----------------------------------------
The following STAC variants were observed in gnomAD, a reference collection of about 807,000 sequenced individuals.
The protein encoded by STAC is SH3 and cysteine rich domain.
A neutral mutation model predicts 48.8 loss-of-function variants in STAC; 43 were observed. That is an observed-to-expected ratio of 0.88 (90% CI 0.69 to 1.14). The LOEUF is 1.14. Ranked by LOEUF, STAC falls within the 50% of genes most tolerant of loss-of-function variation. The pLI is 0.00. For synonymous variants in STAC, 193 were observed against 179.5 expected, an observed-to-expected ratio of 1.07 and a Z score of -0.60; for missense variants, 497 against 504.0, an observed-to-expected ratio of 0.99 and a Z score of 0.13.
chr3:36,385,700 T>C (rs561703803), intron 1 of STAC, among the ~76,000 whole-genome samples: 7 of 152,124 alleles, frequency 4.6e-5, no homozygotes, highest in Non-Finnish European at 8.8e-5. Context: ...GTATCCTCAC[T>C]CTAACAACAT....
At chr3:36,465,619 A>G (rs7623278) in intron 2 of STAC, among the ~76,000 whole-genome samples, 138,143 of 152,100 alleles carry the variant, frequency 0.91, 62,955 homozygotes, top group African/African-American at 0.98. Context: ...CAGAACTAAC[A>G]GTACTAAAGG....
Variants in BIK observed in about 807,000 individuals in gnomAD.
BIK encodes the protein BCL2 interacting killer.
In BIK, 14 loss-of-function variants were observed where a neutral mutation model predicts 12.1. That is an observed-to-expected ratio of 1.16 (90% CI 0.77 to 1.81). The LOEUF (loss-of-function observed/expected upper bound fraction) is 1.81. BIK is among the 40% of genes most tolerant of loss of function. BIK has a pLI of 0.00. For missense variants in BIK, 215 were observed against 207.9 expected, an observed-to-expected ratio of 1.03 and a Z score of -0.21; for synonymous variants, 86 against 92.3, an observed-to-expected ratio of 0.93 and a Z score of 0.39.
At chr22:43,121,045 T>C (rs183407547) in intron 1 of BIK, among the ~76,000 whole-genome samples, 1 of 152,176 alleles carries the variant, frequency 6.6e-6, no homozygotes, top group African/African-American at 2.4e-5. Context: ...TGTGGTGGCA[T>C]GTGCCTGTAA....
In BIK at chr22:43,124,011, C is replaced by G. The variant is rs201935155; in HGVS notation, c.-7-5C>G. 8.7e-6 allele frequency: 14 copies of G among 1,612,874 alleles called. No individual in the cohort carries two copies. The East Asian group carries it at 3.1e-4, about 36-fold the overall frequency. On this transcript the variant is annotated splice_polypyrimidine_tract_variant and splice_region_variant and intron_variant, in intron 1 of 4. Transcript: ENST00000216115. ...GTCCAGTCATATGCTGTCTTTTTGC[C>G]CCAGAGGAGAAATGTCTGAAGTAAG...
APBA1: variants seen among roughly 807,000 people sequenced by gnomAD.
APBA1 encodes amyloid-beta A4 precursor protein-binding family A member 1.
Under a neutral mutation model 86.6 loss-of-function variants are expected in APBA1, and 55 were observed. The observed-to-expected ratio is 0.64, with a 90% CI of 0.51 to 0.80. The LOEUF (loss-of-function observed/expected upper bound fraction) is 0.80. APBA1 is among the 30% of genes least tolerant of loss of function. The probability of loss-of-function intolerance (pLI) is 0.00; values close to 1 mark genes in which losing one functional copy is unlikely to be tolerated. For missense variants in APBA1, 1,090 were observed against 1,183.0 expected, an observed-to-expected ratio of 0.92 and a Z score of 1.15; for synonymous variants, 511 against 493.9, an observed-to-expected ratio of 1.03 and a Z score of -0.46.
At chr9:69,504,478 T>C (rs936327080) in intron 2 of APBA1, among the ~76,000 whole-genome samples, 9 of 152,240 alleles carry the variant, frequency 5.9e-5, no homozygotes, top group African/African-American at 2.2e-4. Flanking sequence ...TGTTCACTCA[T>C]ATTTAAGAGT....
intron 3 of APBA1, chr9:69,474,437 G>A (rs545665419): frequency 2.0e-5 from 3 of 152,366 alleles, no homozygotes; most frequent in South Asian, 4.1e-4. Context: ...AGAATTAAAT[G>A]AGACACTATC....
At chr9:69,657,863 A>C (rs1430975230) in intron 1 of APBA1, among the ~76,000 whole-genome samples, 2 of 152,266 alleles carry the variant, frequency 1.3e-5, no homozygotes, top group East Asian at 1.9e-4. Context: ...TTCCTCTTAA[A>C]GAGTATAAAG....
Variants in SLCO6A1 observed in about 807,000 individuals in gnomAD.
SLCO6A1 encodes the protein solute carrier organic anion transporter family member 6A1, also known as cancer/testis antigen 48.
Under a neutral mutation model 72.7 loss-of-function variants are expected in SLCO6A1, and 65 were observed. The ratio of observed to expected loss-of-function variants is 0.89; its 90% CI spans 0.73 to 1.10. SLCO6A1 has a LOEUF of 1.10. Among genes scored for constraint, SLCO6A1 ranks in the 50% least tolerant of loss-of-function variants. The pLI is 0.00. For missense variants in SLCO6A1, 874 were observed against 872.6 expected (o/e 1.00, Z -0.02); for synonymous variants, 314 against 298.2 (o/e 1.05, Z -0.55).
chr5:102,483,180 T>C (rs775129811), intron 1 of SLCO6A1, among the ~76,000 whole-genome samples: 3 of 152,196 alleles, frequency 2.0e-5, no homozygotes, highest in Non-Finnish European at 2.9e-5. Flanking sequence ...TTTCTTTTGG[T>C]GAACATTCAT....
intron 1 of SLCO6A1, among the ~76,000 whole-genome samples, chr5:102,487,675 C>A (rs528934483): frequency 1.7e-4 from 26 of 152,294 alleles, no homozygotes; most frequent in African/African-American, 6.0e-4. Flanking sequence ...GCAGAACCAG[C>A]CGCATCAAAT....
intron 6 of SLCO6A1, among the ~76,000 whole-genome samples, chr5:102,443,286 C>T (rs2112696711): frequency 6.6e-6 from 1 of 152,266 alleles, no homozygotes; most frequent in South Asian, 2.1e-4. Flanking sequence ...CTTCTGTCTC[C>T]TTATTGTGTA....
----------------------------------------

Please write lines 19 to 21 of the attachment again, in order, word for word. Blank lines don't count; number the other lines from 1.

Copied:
Under a neutral mutation model 72.7 loss-of-function variants are expected in SLCO6A1, and 65 were observed. The ratio of observed to expected loss-of-function variants is 0.89; its 90% CI spans 0.73 to 1.10. SLCO6A1 has a LOEUF of 1.10. Among genes scored for constraint, SLCO6A1 ranks in the 50% least tolerant of loss-of-function variants. The pLI is 0.00. For missense variants in SLCO6A1, 874 were observed against 872.6 expected (o/e 1.00, Z -0.02); for synonymous variants, 314 against 298.2 (o/e 1.05, Z -0.55).
chr5:102,483,180 T>C (rs775129811), intron 1 of SLCO6A1, among the ~76,000 whole-genome samples: 3 of 152,196 alleles, frequency 2.0e-5, no homozygotes, highest in Non-Finnish European at 2.9e-5. Flanking sequence ...TTTCTTTTGG[T>C]GAACATTCAT....
intron 1 of SLCO6A1, among the ~76,000 whole-genome samples, chr5:102,487,675 C>A (rs528934483): frequency 1.7e-4 from 26 of 152,294 alleles, no homozygotes; most frequent in African/African-American, 6.0e-4. Flanking sequence ...GCAGAACCAG[C>A]CGCATCAAAT....